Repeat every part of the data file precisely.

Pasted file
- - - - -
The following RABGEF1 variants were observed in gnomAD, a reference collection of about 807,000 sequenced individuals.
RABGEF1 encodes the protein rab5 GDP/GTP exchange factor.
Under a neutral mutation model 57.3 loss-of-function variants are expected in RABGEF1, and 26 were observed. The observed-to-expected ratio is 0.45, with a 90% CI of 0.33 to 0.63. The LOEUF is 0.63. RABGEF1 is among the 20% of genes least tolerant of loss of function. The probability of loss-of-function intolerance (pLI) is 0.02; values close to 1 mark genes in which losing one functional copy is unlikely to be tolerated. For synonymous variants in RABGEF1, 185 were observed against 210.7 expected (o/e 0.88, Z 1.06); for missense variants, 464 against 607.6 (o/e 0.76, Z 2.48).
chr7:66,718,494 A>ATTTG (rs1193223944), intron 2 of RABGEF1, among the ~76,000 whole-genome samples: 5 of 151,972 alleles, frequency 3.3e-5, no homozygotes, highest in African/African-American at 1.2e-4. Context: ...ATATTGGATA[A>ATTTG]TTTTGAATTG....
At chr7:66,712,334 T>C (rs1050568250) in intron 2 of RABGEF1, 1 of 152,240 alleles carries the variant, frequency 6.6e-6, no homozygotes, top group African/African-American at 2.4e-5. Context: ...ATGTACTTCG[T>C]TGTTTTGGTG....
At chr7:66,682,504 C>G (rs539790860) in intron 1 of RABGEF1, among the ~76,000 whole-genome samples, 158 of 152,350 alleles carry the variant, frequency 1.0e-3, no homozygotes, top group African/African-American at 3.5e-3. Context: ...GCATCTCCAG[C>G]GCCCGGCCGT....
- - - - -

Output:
The following RABGEF1 variants were observed in gnomAD, a reference collection of about 807,000 sequenced individuals.
RABGEF1 encodes the protein rab5 GDP/GTP exchange factor.
Under a neutral mutation model 57.3 loss-of-function variants are expected in RABGEF1, and 26 were observed. The observed-to-expected ratio is 0.45, with a 90% CI of 0.33 to 0.63. The LOEUF is 0.63. RABGEF1 is among the 20% of genes least tolerant of loss of function. The probability of loss-of-function intolerance (pLI) is 0.02; values close to 1 mark genes in which losing one functional copy is unlikely to be tolerated. For synonymous variants in RABGEF1, 185 were observed against 210.7 expected (o/e 0.88, Z 1.06); for missense variants, 464 against 607.6 (o/e 0.76, Z 2.48).
chr7:66,718,494 A>ATTTG (rs1193223944), intron 2 of RABGEF1, among the ~76,000 whole-genome samples: 5 of 151,972 alleles, frequency 3.3e-5, no homozygotes, highest in African/African-American at 1.2e-4. Context: ...ATATTGGATA[A>ATTTG]TTTTGAATTG....
At chr7:66,712,334 T>C (rs1050568250) in intron 2 of RABGEF1, 1 of 152,240 alleles carries the variant, frequency 6.6e-6, no homozygotes, top group African/African-American at 2.4e-5. Context: ...ATGTACTTCG[T>C]TGTTTTGGTG....
At chr7:66,682,504 C>G (rs539790860) in intron 1 of RABGEF1, among the ~76,000 whole-genome samples, 158 of 152,350 alleles carry the variant, frequency 1.0e-3, no homozygotes, top group African/African-American at 3.5e-3. Context: ...GCATCTCCAG[C>G]GCCCGGCCGT....